Nuke the Moon: 5 Certifiably Insane Cold War Projects
The upcoming movie The Men Who Stare at Goats tells the story of a military operation that attempted to create Jedi warriors who could teleport through walls and kill goats by staring at them. It all sounds pretty far-fetched ... until you realize that it's based on a true story, and it's just one of many bizarre operations Cold War-era militaries pursued seriously.
See, the Cold War was never really about physical combat. It was more like telling stories around a campfire: Whoever had the scariest idea, wins. And killing goats with your eyes was just the tip of the pant-crappingly crazy iceberg.
In the years before the first lunar landing, the United States was lagging behind a bit in the space race. The Soviets had both the first satellite and the first human being in space, while the United States had two thumbs and an asshole and that was about it. The U.S. realized that it would need something truly grand to one-up Captain Pinko and his Kosmonaut Armada, and that turned out to be the moon landing. But the lunar landing was the second draft of the plan; the first draft, as usual, was a bit nukier.
Project A119 was a plan to launch an intercontinental ballistic missile at the Terminator, which is what John Connor would have done if "teaching it how to love" didn't play out in T2. Wait, sorry--the "Terminator" in this case refers to the dividing line between the dark and light side of the moon.
A large explosion on the Terminator line would put the sun behind the mushroom cloud, making the explosion visible with the naked eye from Earth. Presumably this is because the scientists in question were using prison logic: If you don't want to end up somebody's man-wife, you gotta kill the first random guy you see and make everybody else think you're crazy.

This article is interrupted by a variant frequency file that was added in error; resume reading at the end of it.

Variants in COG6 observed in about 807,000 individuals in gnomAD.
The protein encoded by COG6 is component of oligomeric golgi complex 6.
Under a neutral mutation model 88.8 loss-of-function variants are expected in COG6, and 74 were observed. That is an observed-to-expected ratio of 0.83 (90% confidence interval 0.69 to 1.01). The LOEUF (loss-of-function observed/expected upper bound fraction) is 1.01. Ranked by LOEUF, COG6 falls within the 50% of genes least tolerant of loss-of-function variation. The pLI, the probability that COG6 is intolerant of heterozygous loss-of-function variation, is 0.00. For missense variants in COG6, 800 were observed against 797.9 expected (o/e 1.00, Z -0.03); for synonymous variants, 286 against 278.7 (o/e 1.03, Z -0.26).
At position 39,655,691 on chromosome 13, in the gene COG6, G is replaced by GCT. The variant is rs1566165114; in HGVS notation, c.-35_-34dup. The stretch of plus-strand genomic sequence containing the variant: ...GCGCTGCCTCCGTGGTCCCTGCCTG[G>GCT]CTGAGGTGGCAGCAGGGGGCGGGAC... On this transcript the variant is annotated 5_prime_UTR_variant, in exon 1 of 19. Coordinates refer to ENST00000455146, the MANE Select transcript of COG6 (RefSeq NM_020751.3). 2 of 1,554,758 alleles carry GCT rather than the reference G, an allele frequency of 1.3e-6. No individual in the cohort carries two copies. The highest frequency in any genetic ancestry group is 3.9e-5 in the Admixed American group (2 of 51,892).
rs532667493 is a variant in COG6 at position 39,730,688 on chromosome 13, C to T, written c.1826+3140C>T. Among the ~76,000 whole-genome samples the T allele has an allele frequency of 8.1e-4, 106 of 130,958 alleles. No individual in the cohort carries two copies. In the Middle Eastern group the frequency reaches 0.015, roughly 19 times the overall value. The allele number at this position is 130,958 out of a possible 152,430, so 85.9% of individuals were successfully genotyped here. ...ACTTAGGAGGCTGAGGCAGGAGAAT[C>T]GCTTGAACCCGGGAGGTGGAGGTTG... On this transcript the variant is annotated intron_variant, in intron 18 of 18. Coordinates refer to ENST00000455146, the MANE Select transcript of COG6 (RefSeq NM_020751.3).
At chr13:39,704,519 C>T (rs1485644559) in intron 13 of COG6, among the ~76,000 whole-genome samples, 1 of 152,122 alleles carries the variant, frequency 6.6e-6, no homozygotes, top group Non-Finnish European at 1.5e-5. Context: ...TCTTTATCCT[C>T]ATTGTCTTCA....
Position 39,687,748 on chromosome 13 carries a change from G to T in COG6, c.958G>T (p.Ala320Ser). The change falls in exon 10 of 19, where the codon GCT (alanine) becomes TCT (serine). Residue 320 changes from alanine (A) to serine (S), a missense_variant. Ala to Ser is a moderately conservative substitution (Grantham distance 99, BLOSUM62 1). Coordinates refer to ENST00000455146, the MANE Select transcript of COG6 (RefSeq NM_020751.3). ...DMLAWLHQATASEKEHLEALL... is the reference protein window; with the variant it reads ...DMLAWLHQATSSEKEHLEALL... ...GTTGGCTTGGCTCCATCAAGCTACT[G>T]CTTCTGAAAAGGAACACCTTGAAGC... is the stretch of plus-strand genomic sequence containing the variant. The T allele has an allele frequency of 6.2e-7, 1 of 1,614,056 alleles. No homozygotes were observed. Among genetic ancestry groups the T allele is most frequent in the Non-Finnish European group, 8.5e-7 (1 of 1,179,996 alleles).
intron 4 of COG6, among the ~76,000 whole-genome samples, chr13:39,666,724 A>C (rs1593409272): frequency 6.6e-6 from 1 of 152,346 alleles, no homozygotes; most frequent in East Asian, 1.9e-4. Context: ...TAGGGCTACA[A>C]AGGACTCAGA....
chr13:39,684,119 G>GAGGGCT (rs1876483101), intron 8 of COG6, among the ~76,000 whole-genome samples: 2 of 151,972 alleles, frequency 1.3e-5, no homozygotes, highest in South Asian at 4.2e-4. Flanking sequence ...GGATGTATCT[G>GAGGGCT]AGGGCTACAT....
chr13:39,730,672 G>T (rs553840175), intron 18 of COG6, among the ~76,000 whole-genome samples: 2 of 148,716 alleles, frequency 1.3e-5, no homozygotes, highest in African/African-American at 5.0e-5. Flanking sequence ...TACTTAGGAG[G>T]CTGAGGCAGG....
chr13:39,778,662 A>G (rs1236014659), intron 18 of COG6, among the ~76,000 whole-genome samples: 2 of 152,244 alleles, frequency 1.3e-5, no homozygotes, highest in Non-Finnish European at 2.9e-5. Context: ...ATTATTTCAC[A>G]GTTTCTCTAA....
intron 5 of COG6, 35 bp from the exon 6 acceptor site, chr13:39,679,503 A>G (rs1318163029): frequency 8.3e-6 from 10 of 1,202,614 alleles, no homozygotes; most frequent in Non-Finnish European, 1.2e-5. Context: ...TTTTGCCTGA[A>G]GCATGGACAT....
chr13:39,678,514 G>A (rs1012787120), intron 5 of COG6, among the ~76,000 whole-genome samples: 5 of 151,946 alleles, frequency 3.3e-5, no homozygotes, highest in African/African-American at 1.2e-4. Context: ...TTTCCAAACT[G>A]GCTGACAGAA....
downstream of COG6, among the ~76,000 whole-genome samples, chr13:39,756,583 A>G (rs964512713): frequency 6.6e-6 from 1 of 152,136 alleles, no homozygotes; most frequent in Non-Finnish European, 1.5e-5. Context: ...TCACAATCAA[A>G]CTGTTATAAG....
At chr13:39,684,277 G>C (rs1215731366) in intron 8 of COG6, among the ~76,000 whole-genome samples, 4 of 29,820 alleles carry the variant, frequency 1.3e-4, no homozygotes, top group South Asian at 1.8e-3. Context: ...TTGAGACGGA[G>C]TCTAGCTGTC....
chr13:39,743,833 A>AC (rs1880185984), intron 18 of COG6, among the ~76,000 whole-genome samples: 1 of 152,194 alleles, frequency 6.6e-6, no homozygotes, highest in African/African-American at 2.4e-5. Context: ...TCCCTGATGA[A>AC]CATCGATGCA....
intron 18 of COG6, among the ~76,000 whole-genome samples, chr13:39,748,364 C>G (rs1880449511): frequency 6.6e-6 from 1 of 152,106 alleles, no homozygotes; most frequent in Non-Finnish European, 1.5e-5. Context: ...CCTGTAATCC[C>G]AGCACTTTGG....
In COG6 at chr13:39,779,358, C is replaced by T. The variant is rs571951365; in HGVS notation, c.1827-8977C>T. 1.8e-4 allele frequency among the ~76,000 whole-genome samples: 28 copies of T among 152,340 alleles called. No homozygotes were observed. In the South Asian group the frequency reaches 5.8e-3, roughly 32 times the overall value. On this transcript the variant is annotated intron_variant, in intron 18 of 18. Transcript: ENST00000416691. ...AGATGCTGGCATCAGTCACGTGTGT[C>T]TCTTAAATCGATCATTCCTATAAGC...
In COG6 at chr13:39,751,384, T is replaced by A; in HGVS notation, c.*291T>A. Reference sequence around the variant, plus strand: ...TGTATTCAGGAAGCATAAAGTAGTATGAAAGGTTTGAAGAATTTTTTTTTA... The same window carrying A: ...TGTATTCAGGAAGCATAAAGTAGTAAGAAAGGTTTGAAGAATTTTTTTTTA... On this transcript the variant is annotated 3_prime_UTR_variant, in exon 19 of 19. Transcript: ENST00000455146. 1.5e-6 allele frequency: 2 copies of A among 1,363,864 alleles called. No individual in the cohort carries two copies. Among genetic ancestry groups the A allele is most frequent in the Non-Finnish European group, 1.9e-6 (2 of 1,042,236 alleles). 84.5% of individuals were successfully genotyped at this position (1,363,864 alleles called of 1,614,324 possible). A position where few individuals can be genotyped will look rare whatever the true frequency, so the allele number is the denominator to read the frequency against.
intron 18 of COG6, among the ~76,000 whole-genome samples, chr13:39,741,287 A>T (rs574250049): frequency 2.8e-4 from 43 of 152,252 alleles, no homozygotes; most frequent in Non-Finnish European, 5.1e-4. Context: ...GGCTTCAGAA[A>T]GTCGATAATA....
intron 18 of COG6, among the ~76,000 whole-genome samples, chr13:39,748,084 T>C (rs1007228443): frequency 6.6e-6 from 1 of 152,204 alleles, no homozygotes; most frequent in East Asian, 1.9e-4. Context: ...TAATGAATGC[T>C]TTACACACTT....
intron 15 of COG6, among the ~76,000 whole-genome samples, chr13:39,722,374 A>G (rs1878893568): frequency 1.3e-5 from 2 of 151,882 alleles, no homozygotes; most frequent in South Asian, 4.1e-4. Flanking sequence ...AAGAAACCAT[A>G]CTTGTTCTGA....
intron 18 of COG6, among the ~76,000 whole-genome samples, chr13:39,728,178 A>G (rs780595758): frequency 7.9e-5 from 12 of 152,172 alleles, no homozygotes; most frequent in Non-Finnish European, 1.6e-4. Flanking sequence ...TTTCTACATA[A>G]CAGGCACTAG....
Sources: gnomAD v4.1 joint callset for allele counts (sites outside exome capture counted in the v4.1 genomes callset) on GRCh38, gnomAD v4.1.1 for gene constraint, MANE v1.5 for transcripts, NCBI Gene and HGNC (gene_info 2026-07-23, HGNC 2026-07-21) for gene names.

The entire project was classified, of course, so it was given a slightly more innocuous sounding name than Project Nuke-A-Moon. They decided to call it "A Study of Lunar Research Flights," which may have been going a bit too far; that's like calling a serial rapist a "Can-do Casanova."
Fortunately, the United States came down off their explosion high and realized that nuking an orbiting planetary body for no particular reason might cross the line between "illustrating our technical prowess" and "cartoonish supervillainy," so they scrapped the plan and sent Armstrong up to land on the bastard instead. Think about that for a second: Neil Armstrong is considered a valid replacement for a nuclear missile.
The Americans didn't have the market cornered on psychotic R and D. On the other side of the Atlantic, the British had just put the finishing touches on their new nuclear bomb. Weighing in at seven tons, the Blue Peacock was a tactical nuclear device capable of a 10-kiloton explosion--just slightly less than that of Little Boy, the first nuke ever detonated.
So why the downgrade? Isn't the point of explosions to make them bigger and bigger until everybody forgets how small your penis is?
Well, the British needed a new and novel defense in case the Soviets came over the border of East Germany and so, instead of dropping the bomb from a plane, they decided to put the nukes in the ground. Nuclear landmines!